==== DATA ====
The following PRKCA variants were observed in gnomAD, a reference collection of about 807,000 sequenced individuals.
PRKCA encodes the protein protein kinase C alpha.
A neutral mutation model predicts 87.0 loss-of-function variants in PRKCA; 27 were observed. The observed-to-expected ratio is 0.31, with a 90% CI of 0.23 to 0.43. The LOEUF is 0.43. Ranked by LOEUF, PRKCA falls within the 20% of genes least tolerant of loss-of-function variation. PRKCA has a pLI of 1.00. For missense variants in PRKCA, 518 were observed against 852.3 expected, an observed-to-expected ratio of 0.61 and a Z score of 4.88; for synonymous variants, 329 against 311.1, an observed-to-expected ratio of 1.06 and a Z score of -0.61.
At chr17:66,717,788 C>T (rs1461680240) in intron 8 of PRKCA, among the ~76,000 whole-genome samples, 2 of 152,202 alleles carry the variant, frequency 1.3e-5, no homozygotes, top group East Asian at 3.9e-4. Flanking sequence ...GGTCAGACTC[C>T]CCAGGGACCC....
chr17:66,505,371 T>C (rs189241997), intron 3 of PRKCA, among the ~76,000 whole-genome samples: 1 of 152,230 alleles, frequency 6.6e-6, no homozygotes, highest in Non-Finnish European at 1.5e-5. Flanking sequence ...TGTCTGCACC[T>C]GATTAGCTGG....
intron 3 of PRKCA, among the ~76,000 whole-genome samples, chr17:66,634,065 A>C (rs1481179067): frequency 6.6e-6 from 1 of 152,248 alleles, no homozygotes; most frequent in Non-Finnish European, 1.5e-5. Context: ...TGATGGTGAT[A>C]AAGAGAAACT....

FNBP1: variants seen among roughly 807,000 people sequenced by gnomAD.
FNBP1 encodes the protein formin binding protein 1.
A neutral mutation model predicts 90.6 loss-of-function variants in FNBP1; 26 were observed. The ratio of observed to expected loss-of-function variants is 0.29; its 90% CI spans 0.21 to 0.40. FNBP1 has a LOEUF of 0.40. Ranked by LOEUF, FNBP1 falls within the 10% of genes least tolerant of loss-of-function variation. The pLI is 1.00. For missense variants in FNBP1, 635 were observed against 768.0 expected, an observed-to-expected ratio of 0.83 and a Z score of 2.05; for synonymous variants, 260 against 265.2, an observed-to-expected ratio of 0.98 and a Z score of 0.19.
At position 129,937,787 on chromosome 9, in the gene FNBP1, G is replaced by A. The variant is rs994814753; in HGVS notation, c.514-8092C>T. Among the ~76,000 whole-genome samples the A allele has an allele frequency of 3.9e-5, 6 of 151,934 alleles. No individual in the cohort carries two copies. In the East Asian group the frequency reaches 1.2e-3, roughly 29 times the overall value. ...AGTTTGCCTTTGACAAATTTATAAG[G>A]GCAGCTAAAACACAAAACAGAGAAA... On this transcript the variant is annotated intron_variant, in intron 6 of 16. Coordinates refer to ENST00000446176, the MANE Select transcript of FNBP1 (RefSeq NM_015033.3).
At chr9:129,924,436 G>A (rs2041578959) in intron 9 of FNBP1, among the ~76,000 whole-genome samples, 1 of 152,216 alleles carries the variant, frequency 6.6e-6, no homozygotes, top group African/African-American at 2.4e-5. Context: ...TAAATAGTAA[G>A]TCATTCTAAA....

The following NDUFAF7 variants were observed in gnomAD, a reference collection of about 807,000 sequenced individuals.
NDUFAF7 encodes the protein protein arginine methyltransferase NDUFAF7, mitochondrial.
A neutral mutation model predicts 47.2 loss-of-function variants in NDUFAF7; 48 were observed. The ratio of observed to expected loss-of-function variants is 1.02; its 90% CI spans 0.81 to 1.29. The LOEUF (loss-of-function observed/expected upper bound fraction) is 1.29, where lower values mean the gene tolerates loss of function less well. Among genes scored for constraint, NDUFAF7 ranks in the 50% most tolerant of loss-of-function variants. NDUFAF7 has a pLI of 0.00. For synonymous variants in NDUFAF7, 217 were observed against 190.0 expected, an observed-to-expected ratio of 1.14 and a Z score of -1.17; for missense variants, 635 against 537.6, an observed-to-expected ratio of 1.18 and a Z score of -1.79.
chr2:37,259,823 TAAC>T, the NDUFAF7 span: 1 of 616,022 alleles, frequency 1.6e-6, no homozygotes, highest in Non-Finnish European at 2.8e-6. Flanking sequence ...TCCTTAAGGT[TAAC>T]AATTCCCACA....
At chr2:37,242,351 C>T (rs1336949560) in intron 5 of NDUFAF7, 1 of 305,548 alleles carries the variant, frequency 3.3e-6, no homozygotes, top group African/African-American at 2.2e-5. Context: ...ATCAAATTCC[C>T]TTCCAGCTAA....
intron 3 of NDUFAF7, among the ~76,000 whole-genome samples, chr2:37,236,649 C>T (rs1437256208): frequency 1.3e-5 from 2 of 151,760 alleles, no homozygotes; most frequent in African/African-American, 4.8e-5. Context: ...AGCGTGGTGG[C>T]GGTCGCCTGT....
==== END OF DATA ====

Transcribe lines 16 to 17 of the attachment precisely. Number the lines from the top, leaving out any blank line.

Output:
At chr2:37,242,351 C>T (rs1336949560) in intron 5 of NDUFAF7, 1 of 305,548 alleles carries the variant, frequency 3.3e-6, no homozygotes, top group African/African-American at 2.2e-5. Context: ...ATCAAATTCC[C>T]TTCCAGCTAA....
intron 3 of NDUFAF7, among the ~76,000 whole-genome samples, chr2:37,236,649 C>T (rs1437256208): frequency 1.3e-5 from 2 of 151,760 alleles, no homozygotes; most frequent in African/African-American, 4.8e-5. Context: ...AGCGTGGTGG[C>T]GGTCGCCTGT....